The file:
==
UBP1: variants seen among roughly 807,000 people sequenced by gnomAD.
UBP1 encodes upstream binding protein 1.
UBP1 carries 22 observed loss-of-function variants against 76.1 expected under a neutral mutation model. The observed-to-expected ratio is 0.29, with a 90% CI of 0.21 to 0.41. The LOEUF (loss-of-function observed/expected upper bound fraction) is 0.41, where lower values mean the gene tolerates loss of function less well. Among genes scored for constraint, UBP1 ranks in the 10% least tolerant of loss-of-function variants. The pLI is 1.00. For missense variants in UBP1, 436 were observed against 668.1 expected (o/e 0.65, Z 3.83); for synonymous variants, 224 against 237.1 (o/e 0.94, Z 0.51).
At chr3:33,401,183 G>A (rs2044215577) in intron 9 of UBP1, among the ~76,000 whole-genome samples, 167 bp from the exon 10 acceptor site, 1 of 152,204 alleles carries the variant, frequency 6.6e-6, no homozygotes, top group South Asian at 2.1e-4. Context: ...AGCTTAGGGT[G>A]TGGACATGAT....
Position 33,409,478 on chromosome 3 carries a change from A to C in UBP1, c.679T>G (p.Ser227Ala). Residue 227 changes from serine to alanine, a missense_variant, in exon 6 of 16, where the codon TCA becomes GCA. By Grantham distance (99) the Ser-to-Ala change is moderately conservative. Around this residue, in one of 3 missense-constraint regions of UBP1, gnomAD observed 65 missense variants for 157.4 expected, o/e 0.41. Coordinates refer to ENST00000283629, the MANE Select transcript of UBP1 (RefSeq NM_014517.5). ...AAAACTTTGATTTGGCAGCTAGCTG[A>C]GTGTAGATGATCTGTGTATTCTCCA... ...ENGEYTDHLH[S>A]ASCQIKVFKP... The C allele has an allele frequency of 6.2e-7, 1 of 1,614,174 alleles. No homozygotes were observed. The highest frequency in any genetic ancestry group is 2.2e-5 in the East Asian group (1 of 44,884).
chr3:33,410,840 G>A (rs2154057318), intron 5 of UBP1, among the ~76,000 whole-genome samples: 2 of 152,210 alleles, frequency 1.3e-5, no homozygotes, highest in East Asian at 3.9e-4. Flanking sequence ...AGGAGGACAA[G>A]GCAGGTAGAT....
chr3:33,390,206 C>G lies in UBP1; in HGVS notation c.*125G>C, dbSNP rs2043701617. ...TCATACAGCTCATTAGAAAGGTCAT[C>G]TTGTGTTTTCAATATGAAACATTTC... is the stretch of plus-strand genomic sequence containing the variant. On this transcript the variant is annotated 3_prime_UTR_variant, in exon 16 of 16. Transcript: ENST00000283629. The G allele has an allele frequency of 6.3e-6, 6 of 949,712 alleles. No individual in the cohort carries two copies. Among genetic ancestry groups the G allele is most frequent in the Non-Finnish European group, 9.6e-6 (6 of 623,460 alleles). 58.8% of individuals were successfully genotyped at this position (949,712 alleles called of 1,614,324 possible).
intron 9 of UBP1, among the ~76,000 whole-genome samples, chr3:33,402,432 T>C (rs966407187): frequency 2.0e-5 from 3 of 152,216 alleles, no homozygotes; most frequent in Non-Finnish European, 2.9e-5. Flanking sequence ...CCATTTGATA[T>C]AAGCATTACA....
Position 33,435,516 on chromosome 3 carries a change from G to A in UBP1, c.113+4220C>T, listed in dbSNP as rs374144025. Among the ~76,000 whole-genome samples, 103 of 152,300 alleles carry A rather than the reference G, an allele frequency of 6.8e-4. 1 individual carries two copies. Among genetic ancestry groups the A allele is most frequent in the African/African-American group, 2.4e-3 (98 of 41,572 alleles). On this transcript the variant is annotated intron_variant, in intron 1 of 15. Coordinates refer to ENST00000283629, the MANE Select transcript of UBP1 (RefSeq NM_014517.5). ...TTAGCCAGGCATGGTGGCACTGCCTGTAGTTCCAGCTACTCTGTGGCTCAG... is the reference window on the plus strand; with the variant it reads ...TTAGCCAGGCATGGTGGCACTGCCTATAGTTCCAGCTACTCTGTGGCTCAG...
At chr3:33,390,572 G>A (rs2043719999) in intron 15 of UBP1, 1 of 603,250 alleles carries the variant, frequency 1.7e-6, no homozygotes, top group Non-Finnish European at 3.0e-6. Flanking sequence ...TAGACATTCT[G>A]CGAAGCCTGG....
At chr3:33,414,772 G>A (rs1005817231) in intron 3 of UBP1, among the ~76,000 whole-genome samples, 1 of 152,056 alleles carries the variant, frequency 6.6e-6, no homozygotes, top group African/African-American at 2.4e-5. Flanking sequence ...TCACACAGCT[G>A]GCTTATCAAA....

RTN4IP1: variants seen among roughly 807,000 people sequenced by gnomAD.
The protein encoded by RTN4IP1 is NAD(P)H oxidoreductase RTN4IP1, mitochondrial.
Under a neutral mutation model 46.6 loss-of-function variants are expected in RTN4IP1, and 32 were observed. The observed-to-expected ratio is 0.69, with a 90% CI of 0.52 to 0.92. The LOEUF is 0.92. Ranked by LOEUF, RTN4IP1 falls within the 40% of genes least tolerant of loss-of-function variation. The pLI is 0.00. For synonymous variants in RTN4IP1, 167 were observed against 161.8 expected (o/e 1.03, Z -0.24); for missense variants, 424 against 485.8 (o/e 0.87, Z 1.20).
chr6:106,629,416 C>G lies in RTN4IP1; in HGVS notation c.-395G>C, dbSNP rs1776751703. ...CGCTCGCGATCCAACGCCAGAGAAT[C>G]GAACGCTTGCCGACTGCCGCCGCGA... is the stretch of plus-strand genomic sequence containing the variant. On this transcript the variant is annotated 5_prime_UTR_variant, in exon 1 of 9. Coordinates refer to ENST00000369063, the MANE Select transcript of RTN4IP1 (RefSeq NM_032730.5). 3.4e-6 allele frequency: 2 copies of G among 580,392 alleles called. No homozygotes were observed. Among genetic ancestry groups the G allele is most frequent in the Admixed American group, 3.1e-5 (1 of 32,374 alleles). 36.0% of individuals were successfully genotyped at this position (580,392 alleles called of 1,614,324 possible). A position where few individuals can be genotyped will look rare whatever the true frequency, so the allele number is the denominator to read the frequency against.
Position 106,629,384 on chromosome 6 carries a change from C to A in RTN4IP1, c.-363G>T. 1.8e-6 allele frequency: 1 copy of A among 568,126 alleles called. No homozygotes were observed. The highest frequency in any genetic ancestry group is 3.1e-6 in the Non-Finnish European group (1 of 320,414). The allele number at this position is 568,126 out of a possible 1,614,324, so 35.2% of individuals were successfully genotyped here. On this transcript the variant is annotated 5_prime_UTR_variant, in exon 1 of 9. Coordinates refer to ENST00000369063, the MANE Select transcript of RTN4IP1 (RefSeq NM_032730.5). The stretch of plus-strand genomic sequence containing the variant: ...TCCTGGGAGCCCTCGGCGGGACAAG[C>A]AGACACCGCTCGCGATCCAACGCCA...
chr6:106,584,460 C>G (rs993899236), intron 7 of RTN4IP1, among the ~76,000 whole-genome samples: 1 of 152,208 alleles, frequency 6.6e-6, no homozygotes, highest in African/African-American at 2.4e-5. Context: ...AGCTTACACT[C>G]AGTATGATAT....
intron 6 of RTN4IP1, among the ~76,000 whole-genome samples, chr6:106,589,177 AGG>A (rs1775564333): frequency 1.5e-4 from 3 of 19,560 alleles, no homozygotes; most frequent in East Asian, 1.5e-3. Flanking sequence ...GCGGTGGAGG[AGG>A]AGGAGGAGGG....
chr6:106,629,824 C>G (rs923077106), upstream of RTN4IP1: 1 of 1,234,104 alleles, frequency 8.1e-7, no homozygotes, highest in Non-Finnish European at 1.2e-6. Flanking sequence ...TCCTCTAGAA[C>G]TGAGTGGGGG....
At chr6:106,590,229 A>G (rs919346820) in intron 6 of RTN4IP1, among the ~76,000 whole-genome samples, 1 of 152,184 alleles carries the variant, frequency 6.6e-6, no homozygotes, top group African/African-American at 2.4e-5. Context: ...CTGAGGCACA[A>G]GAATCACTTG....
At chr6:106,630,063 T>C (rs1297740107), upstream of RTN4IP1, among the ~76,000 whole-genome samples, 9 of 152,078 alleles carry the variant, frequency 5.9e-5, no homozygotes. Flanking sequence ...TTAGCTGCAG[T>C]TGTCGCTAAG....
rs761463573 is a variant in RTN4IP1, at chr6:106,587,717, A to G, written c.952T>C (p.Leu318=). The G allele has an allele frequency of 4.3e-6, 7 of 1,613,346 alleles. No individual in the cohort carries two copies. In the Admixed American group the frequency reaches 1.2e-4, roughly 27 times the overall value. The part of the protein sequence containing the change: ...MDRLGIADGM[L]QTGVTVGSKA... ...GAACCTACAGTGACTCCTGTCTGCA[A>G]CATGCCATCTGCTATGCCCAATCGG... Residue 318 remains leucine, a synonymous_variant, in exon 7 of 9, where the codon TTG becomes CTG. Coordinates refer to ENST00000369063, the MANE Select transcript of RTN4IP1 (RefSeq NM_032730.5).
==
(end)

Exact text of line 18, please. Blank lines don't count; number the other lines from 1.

intron 6 of RTN4IP1, among the ~76,000 whole-genome samples, chr6:106,589,177 AGG>A (rs1775564333): frequency 1.5e-4 from 3 of 19,560 alleles, no homozygotes; most frequent in East Asian, 1.5e-3. Flanking sequence ...GCGGTGGAGG[AGG>A]AGGAGGAGGG....